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Rotting 68-year-old Burnaby house that wasn’t even staged still sells for $2M

Only on the market for a few days before being snapped up

If you are considering selling your home in Burnaby, now seems like a really good time.

Houses are flying off the market in record time as buyers can’t wait to snap up properties – likely for redevelopment.

The latest was a home on Price Crescent in the Garden Village area near Metrotown.

The house is 68 years old and looks its age. It’s rotting with all the same carpeting and appliances. The home wasn’t even staged as part of the sale and it still sold in six days for $5,000 over the asking price of $2,050,000.

The house is only 2,200 square feet and some of that isn’t even finished in the basement. It does, however, have a rentable suite downstairs, but look for this property to be torn down and replaced.

According to the most recent statistics from the Canadian Real Estate Association, home sales in this country rose 4.6 per cent in February. Sales levels for the month were roughly 35 per cent above pre-COVID norms, as buyers raced to lock in historically low interest rates that are set to rise this year.

According to the Real Estate Board of Greater Vancouver (REBGV), in Burnaby there was a big jump in sales in February, with 459 in total – way above the 314 in January. In Burnaby, the average price for a detached house was going from $2.2 million, up from $2,062,000 in January and way up from $1.7 million in February 2021.

And it’s not just here in Metro Vancouver. I did some research and found an interview that talks about the Toronto market.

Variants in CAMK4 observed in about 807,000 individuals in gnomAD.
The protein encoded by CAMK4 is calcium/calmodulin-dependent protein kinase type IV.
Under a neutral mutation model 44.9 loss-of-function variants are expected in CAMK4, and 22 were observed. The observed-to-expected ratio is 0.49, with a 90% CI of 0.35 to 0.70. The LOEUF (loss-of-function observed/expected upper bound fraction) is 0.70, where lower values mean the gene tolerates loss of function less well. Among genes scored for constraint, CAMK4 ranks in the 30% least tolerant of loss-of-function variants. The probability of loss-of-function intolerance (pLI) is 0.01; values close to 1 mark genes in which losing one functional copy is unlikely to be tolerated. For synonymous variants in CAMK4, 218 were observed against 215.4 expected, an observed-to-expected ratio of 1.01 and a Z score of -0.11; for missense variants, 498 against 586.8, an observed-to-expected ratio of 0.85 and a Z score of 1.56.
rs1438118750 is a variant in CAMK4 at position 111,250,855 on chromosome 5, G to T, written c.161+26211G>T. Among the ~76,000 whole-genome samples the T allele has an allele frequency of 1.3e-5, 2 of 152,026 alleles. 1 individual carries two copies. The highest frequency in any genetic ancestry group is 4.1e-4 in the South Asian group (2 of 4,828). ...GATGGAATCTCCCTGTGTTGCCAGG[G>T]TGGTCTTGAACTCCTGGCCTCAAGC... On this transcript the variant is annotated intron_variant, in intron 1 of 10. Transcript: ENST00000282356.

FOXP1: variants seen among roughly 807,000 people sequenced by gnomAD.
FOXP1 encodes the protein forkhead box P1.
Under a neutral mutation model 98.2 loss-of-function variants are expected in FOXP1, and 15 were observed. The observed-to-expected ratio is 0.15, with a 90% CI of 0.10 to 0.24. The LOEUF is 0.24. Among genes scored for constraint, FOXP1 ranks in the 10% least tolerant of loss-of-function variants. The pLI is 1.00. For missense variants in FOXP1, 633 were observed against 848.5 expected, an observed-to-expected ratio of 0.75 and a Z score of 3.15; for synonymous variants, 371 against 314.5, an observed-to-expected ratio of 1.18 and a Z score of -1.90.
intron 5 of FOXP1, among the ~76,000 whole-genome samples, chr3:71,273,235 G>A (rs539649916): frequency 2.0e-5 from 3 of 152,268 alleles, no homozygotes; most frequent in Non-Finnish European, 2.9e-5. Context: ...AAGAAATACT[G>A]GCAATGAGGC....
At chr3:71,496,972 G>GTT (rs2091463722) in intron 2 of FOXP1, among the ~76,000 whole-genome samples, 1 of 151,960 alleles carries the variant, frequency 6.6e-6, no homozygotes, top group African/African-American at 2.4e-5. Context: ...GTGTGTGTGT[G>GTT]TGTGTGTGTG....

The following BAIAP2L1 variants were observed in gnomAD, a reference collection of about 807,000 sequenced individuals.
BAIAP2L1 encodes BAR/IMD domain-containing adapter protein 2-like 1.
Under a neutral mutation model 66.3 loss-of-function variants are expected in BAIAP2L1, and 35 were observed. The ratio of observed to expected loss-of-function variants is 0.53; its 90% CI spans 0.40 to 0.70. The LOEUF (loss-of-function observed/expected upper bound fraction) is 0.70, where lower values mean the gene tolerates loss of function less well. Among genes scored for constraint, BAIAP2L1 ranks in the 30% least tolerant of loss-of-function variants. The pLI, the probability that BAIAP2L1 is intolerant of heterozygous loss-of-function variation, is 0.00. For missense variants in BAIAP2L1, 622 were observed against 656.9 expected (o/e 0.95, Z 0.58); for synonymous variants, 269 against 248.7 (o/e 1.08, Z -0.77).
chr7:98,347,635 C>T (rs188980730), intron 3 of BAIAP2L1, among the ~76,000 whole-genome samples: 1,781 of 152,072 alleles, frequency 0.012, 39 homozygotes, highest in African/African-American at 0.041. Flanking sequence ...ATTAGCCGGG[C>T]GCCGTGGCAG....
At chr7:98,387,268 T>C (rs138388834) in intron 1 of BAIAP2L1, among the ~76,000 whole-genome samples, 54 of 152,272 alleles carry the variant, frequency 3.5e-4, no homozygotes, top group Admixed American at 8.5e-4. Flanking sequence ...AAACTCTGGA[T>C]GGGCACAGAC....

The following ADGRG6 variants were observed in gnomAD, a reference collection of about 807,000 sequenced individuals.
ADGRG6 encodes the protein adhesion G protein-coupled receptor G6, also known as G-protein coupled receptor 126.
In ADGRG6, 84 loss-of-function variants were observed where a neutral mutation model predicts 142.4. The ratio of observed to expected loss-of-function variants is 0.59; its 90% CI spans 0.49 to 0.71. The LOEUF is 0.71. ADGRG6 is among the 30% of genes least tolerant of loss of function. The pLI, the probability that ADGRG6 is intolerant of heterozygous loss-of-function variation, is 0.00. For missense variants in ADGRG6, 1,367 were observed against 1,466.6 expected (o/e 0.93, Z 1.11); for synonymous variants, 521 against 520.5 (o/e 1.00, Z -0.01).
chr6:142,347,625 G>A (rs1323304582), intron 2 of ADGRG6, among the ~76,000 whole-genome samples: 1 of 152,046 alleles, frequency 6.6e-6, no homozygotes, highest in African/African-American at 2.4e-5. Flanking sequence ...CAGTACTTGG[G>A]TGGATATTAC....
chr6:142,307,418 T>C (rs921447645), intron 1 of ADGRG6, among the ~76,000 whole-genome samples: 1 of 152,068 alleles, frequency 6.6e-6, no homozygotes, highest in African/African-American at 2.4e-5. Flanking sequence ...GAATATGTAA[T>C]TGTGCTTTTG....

"In this market — especially the Toronto market but it’s also shifted to Ottawa, Barrie, Burlington, and elsewhere — it would be very rare to see a condition on a home inspection," said John Lusink, president of Toronto-based Right At Home Realty. "Most realtors would be saying, 'If you put that condition in, you will never ever get a home in the current market.'”

Lusink said some buyers who know they won't get a home if they make their offer conditional on a home inspection choose to hire a licensed home inspector or someone else with specialized knowledge to come to showings and open houses with them instead.

"Doing a pre-inspection — yes, it has to be on your own dime — is still something I highly recommend," he said. "Find an expert, maybe a home inspector or someone with a good construction background, to do a walk-through with you."

So, some helpful advice if you are looking to get into the local real estate market.

  • With files from the Canadian Press

Follow Chris Campbell on Twitter @shinebox44.